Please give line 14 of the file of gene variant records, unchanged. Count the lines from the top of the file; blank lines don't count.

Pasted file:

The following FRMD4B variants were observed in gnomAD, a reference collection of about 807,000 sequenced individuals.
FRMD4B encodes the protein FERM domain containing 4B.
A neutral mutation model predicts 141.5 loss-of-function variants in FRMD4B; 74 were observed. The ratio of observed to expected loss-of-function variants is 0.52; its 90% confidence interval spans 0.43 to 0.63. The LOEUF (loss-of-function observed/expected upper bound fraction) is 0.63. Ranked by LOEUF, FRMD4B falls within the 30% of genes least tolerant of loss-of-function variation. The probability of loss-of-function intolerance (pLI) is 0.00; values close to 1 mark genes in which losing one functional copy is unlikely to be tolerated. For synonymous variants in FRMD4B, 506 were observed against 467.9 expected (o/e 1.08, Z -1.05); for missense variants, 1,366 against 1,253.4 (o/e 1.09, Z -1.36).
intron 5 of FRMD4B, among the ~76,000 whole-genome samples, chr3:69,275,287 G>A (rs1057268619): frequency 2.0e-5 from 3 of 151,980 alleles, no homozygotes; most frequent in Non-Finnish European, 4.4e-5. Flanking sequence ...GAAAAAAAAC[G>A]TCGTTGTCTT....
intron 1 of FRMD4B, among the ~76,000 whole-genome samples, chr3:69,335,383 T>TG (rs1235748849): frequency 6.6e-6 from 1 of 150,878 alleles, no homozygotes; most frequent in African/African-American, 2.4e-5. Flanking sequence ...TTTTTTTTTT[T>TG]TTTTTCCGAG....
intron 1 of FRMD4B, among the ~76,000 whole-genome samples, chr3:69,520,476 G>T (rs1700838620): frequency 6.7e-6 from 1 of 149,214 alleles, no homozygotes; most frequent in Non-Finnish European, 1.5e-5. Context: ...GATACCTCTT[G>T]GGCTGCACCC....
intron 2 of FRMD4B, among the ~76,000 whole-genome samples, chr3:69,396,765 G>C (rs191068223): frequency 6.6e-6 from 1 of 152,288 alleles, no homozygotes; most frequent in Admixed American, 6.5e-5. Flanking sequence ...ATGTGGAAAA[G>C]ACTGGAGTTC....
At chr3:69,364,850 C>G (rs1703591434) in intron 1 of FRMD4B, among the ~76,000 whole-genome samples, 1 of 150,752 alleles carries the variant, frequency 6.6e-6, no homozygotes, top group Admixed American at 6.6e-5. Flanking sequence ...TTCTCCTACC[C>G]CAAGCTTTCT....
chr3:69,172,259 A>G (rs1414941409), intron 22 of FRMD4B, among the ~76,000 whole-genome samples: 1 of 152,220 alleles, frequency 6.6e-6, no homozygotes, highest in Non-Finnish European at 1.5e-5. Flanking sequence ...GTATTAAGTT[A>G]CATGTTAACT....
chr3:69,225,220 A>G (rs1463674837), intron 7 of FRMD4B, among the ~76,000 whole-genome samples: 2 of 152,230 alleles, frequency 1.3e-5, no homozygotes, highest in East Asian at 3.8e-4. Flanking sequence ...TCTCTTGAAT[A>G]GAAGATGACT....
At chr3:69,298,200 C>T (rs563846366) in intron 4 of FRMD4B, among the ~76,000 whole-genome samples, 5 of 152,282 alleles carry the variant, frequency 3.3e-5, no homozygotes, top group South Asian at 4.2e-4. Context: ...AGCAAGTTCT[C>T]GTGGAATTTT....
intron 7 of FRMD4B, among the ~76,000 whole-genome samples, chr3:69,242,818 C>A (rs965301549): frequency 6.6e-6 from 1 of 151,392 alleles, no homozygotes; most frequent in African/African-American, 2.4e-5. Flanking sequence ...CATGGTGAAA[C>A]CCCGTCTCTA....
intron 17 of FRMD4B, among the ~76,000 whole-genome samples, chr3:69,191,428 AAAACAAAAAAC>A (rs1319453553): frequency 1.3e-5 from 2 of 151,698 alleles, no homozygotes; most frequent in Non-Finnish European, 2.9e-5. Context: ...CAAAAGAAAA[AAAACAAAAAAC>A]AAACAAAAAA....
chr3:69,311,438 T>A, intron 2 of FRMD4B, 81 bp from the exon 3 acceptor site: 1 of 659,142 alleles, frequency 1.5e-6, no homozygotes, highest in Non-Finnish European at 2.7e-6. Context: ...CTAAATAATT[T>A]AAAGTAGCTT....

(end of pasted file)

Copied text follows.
chr3:69,311,438 T>A, intron 2 of FRMD4B, 81 bp from the exon 3 acceptor site: 1 of 659,142 alleles, frequency 1.5e-6, no homozygotes, highest in Non-Finnish European at 2.7e-6. Context: ...CTAAATAATT[T>A]AAAGTAGCTT....